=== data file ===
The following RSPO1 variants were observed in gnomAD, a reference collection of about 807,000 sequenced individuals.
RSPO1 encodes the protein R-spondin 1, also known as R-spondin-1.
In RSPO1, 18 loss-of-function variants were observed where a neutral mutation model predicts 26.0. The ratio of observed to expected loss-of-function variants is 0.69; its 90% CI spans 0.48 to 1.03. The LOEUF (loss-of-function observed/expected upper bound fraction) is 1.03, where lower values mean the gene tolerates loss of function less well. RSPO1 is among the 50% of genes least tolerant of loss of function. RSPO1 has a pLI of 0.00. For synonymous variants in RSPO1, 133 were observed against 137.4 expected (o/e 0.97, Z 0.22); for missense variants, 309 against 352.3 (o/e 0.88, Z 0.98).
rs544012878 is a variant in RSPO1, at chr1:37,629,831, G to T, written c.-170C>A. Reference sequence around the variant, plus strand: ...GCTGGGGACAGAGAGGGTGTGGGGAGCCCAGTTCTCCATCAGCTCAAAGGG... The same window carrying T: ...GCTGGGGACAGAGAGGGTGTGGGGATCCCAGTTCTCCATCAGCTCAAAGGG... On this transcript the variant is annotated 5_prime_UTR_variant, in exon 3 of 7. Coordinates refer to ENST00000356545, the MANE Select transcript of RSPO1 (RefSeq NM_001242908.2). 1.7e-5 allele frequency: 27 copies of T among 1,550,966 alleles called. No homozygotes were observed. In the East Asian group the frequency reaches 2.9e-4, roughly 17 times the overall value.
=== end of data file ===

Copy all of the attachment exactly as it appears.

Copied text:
The following RSPO1 variants were observed in gnomAD, a reference collection of about 807,000 sequenced individuals.
RSPO1 encodes the protein R-spondin 1, also known as R-spondin-1.
In RSPO1, 18 loss-of-function variants were observed where a neutral mutation model predicts 26.0. The ratio of observed to expected loss-of-function variants is 0.69; its 90% CI spans 0.48 to 1.03. The LOEUF (loss-of-function observed/expected upper bound fraction) is 1.03, where lower values mean the gene tolerates loss of function less well. RSPO1 is among the 50% of genes least tolerant of loss of function. RSPO1 has a pLI of 0.00. For synonymous variants in RSPO1, 133 were observed against 137.4 expected (o/e 0.97, Z 0.22); for missense variants, 309 against 352.3 (o/e 0.88, Z 0.98).
rs544012878 is a variant in RSPO1, at chr1:37,629,831, G to T, written c.-170C>A. Reference sequence around the variant, plus strand: ...GCTGGGGACAGAGAGGGTGTGGGGAGCCCAGTTCTCCATCAGCTCAAAGGG... The same window carrying T: ...GCTGGGGACAGAGAGGGTGTGGGGATCCCAGTTCTCCATCAGCTCAAAGGG... On this transcript the variant is annotated 5_prime_UTR_variant, in exon 3 of 7. Coordinates refer to ENST00000356545, the MANE Select transcript of RSPO1 (RefSeq NM_001242908.2). 1.7e-5 allele frequency: 27 copies of T among 1,550,966 alleles called. No homozygotes were observed. In the East Asian group the frequency reaches 2.9e-4, roughly 17 times the overall value.